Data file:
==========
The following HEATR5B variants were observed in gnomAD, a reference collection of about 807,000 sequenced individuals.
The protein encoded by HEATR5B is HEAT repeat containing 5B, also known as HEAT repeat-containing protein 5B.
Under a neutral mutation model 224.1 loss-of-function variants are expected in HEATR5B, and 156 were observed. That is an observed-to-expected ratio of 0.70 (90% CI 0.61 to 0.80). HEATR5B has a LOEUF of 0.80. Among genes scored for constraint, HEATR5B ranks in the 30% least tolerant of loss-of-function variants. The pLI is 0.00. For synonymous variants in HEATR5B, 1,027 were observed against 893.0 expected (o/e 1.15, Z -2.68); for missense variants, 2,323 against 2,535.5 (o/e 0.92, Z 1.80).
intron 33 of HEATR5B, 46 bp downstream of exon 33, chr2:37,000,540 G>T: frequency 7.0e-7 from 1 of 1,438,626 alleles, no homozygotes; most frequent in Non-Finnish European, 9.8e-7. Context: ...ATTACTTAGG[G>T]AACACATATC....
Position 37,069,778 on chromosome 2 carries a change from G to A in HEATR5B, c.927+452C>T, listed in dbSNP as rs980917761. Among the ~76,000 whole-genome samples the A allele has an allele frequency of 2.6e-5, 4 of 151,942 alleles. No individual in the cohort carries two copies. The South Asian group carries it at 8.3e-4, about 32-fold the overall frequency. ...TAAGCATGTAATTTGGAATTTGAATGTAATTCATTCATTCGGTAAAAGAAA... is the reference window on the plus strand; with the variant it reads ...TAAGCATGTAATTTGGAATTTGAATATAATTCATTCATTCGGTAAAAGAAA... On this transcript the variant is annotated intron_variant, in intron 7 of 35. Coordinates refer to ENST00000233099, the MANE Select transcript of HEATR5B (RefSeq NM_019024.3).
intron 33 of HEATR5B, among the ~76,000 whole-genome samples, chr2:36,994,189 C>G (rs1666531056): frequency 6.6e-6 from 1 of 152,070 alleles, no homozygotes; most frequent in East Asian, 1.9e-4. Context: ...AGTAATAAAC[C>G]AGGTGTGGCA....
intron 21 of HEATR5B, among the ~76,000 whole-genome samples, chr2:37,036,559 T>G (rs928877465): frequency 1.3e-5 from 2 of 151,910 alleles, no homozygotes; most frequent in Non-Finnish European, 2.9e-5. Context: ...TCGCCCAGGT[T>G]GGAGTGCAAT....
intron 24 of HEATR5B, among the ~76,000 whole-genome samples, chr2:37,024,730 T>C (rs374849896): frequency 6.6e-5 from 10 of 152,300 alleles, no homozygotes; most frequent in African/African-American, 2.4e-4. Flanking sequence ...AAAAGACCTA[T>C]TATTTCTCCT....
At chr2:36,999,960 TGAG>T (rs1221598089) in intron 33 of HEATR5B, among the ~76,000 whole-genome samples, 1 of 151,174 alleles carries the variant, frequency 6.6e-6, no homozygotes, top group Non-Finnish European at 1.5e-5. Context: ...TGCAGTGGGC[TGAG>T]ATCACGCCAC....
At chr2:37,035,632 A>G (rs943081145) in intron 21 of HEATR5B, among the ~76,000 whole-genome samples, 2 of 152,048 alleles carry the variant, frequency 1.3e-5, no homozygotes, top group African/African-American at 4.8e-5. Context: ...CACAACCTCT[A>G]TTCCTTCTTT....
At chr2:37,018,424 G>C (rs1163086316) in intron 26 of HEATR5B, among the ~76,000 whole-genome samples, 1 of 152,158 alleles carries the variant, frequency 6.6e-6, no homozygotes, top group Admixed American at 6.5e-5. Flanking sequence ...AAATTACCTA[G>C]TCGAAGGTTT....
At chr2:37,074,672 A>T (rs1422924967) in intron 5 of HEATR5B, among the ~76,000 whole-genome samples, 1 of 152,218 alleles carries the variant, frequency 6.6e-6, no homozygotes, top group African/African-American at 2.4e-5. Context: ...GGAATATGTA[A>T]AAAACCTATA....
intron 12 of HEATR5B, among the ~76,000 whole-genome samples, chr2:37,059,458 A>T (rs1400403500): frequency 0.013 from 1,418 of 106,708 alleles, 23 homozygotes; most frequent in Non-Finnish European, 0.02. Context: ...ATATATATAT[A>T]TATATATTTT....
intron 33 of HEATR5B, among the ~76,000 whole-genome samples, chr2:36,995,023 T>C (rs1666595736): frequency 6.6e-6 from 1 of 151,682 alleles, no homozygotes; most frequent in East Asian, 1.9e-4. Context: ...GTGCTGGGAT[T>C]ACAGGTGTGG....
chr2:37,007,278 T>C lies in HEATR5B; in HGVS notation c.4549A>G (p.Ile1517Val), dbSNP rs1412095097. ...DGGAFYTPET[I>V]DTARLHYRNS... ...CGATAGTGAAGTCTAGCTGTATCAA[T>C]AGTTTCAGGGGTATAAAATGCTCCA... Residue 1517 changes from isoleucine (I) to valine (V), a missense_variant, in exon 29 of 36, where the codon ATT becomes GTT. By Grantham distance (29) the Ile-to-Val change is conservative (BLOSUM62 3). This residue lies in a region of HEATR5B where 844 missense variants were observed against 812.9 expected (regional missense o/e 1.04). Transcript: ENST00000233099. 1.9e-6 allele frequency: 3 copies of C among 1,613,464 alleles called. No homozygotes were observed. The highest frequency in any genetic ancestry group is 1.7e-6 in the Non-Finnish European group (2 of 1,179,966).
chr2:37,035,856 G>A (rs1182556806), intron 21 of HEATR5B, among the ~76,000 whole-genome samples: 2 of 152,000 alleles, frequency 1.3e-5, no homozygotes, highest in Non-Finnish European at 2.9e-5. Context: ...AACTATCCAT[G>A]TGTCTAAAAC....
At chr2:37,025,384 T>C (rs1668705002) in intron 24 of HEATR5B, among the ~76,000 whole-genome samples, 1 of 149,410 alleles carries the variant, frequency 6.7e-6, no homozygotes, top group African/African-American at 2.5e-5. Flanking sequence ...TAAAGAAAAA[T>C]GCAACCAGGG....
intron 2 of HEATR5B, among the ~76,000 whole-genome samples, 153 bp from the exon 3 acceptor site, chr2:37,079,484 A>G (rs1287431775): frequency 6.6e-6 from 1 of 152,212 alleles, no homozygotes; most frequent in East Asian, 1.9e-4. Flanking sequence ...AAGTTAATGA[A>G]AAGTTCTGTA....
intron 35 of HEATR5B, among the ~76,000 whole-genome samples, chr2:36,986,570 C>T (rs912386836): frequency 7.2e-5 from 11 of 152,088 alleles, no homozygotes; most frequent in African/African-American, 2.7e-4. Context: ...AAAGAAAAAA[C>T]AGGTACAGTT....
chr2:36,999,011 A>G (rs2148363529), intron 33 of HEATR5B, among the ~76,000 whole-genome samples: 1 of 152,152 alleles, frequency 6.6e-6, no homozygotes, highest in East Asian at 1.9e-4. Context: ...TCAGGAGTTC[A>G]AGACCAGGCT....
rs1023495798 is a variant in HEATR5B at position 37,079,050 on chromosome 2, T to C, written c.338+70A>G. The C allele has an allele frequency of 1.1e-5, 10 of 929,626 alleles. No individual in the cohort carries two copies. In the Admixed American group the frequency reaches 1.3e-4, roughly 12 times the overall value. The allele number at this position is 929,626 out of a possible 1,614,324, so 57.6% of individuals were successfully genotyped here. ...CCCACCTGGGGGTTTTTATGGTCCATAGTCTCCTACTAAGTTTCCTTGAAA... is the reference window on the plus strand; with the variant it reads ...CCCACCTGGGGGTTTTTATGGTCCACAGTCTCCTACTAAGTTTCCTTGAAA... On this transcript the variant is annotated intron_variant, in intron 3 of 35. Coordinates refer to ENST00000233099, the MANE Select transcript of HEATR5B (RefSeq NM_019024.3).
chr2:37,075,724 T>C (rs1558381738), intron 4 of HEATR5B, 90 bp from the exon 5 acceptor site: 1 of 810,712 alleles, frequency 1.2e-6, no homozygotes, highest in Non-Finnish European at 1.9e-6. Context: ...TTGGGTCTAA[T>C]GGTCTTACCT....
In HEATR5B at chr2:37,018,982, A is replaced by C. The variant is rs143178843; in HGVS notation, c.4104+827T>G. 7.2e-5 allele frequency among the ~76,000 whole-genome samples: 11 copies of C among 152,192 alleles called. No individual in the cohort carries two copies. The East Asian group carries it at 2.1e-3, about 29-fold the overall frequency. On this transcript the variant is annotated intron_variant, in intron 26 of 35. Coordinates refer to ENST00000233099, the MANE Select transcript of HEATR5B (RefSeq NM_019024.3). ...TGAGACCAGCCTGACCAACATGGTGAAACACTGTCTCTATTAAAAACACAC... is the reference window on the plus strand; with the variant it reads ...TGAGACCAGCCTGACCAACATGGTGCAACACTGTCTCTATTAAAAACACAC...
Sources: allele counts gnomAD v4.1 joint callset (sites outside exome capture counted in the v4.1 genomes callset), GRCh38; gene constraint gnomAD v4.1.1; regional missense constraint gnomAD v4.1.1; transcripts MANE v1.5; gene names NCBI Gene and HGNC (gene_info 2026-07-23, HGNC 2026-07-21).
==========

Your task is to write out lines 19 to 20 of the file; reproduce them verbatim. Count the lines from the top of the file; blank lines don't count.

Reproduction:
intron 35 of HEATR5B, among the ~76,000 whole-genome samples, chr2:36,986,570 C>T (rs912386836): frequency 7.2e-5 from 11 of 152,088 alleles, no homozygotes; most frequent in African/African-American, 2.7e-4. Context: ...AAAGAAAAAA[C>T]AGGTACAGTT....
chr2:36,999,011 A>G (rs2148363529), intron 33 of HEATR5B, among the ~76,000 whole-genome samples: 1 of 152,152 alleles, frequency 6.6e-6, no homozygotes, highest in East Asian at 1.9e-4. Context: ...TCAGGAGTTC[A>G]AGACCAGGCT....